When I heard that Robin Williams had died, I was instantly shocked.  How could someone we have known, and watched, and enjoyed for so long – simply be gone.  That shock eventually dissipated and was replaced with an overwhelming sense of loss and emptiness.  It is a loss that is hard to quantify, when so much of what he’s done seems intertwined with our lives.  Who can forget his portrayal of Genie in Aladdin, or his words of inspiration and truth in Good Will Hunting?

Despite the sadness of knowing that there will no more Robin Williams movies, we are also lucky that so much of his work remains for us to watch and enjoy.

Although Robin William’s death is a tragedy, there are of course, far more real tragedies in the world that occur every day, such as death and famine and war where thousands of people die, but nevertheless his death is one that the world seems to have taken personally.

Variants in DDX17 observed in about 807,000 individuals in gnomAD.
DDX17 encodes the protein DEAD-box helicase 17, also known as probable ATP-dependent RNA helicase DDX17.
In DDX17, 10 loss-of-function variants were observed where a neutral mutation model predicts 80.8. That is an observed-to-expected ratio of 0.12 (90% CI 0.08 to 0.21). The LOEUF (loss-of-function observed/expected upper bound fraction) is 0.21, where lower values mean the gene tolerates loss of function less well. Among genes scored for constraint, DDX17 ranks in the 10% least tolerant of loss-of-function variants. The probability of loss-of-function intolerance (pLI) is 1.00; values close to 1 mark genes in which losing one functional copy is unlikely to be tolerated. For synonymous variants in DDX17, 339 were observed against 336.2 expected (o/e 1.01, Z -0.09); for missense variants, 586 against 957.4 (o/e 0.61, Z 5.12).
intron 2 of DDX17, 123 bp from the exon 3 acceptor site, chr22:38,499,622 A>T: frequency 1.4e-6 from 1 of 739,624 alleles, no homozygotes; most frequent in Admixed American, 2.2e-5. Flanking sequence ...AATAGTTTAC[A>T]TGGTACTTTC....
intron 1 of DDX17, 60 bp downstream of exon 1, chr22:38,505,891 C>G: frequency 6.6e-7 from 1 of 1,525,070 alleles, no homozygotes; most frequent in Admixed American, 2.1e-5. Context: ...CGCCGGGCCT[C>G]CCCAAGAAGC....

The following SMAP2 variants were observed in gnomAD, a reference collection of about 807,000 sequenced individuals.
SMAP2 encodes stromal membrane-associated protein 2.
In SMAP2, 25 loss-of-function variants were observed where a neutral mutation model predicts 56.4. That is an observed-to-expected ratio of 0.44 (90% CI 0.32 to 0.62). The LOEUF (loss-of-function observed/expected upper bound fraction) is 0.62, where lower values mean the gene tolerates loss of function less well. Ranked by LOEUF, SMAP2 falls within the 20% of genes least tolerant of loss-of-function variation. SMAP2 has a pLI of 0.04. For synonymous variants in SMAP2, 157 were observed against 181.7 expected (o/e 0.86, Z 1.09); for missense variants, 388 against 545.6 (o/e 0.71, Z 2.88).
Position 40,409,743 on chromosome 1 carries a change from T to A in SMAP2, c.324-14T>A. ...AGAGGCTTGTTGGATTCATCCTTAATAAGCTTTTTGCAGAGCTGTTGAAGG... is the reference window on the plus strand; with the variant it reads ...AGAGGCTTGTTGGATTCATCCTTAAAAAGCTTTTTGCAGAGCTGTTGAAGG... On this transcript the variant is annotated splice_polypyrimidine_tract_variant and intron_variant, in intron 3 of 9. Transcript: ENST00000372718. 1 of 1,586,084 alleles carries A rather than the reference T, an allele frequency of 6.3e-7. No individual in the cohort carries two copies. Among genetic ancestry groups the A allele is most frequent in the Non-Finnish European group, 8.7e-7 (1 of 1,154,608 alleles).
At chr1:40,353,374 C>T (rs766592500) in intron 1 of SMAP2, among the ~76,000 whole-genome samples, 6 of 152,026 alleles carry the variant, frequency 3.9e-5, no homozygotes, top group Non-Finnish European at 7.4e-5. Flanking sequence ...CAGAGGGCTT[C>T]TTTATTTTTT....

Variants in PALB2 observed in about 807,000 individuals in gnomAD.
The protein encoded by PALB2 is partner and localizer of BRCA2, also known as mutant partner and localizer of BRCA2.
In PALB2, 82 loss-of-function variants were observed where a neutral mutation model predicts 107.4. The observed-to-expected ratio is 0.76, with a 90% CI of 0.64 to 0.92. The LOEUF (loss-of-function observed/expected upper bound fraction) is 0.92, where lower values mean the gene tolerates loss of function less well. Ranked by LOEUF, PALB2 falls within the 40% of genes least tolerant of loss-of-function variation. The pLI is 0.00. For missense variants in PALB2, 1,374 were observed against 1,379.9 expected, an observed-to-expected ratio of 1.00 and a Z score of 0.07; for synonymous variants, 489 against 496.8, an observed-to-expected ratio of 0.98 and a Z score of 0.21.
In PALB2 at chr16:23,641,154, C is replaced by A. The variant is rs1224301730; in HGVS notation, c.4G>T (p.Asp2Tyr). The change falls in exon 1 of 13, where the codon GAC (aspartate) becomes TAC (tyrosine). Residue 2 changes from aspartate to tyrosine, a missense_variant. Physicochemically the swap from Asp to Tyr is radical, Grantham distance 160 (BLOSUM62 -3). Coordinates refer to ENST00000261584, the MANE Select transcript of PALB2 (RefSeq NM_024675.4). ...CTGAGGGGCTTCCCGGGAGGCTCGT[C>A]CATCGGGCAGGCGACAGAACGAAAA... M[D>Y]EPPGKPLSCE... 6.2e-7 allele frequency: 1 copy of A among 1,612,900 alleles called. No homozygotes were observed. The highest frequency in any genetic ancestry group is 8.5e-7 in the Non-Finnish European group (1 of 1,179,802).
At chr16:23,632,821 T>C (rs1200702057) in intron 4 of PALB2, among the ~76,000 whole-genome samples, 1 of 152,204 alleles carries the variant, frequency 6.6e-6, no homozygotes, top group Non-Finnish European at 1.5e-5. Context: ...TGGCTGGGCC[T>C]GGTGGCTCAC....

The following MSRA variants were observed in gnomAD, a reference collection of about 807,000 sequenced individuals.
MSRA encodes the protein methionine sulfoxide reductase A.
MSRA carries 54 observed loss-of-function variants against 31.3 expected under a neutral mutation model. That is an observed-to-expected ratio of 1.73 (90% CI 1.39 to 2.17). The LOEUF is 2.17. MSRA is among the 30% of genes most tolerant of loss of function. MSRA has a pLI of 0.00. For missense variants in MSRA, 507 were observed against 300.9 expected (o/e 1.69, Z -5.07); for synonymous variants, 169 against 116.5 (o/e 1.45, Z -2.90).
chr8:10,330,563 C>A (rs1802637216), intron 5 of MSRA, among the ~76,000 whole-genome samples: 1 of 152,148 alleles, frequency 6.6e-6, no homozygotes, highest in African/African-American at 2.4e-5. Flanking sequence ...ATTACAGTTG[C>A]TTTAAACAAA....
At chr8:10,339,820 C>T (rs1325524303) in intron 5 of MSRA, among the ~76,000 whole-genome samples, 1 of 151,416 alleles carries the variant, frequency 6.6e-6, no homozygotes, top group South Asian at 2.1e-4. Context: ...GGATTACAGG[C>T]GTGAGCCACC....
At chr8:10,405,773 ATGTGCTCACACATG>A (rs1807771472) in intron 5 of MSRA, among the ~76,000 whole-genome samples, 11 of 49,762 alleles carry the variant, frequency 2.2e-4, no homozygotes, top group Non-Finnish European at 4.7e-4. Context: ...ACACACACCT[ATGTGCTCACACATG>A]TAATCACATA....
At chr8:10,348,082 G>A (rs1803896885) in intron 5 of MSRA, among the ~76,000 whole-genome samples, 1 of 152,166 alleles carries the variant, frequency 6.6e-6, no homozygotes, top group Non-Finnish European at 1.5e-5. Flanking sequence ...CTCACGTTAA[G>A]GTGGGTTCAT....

The reason why people around the world are so effected by his death is that in him lies a reflection of all of us.  We had a person who achieved amazing things, who caused us to laugh and cry, who fought with demons and seemed to conquer them for a time, only to ultimately fall by them.  He probably reflects both the best of what we can be as well as the fear of what we can become.

The tragedy of Robin Williams is that he had so much more to give the world.  In there lies a microcosm of all of us.  We all have potential – some realised and some not.  Robin Williams was a life cut short, but at least he lived before he died.

In this world, the ultimate tragedy of life is not simply dying, but not having lived in the first place.